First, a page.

On a compare and contrast the gear ratio’s are different::
Atlas idle gear 48/21 teeth whereas the Zane runs 50/19
Starter gear on the Atlas is 84 teeth and the Zane 86
I got round the problem of not being able to fit the Zane idler gear but putting in the Atlas original. I took advice from the micapeak list and Hande responded confirming my worse fears: ‘In your mixed system you are running a gearing ratio of 10/48=4.0 and 86/21=4.1, which works out to a total ratio of 4.0 x 4.1=16.4. This is the tallest ratio you can get with the parts – and the worst in my opinion. This loads the starter motor and battery the most. In percentages compared to the Zane setup it is 27.6% higher/taller gearing, and compared to the Atlas setup 14.6% higher. So it spins the crank about a third faster than the Zane setup or a sixth faster than the Atlas setup – if your battery can take it! And I think it can’t.’
Anyways the good news is that the Atlas now starts pretty well on account that the new sprag grips the crank far better.
Other things on the horizon are the roadworthiness test for the Atlas on the 31st May. I have to get the indicators, horn fixed. Possibly fit a new front tyre and disc pads + check out the headstock bearings which I think are loose…If I can get this done and finally bring the sprag up to Zane standards then maybe I will have the time to get a proper run at the other bikes in the garage!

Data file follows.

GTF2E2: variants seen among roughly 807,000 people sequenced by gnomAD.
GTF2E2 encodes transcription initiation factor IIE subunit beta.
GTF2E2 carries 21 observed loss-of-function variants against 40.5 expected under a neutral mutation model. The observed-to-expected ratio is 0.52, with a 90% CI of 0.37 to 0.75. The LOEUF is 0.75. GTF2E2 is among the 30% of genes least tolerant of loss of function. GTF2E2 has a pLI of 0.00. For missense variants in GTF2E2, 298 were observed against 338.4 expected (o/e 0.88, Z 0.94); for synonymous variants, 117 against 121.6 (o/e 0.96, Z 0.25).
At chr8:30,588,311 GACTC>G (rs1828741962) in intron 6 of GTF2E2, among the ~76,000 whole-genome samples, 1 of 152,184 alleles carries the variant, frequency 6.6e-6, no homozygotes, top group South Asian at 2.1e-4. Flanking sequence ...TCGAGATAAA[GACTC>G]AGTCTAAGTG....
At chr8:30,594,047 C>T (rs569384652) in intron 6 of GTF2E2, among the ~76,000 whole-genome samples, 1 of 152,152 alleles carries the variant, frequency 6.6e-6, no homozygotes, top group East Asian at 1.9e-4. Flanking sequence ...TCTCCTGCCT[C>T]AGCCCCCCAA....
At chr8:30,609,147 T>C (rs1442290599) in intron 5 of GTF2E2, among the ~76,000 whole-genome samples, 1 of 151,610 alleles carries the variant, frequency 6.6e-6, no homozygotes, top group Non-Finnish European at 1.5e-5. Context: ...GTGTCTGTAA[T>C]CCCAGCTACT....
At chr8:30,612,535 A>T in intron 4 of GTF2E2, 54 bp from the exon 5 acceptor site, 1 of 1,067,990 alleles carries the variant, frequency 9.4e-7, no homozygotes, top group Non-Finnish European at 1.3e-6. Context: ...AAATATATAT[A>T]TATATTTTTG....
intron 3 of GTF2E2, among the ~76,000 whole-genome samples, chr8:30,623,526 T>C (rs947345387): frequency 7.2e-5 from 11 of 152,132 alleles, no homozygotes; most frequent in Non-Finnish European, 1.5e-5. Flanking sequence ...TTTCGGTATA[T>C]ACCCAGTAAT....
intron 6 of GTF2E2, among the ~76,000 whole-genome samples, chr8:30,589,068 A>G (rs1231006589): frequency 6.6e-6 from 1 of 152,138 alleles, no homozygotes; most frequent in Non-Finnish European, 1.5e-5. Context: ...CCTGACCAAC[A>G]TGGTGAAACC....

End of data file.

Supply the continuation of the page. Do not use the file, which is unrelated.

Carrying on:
Well the trip to Scotland came to an end on Monday at 20.00 when we pulled into home.
On Tuesday I got the broken pillion footrest welded for a tenner. Job done and not sure if I’ll try and get a replacement or whether I will just ride about with the battle scar to remind me of a fabulous trip to Scotland. All those scrapes and dents tell a story hey?
I was in two minds about taking the Atlas to work on Wednesday but thought ‘what the hell’ but had my doubts as it limped in to life…Sure enough that evening the starter sprag packed in and I had to face the humiliation of being bump started by my work colleagues. Once running it was fine and I even rode over to Basingstoke to pick up some Jota handlebars for a friend in Texas – just left it ticking over as I chatted to the seller and looked at his collection of bikes (as you do).
Two VFR days followed….
Made some progress on the RGS. I had a tool made up to put the piston seal into the master cylinder. I was in no hurry so decided to get a hollow punch made up (50mmx20mm length of bar with a 16mm bore sunk to 30mm) – cost me just £5 from the local machine shop and saved a load of hassle!
Just in from the garage after I’d changed the Atlas oil and fixed the sprag once again. This time the strip down revealed damaged springs and one plunger shattered. Despite renewing the springs and the damaged plunger the bike limped in to life…I have an email out about a Zane sprag clutch that I believe Bob Dixon has used – I doubt the Atlas will last the week…
Well this week was all about taking the Atlas up to Scotland for a long weekend – see ‘Trips’ page for details.
I took the Honda into the office on Thursday morning so I could have the Atlas all loaded and ready to go – so one VFR day despite using the Atlas in the evening to ride 230 miles to Scotch Corner!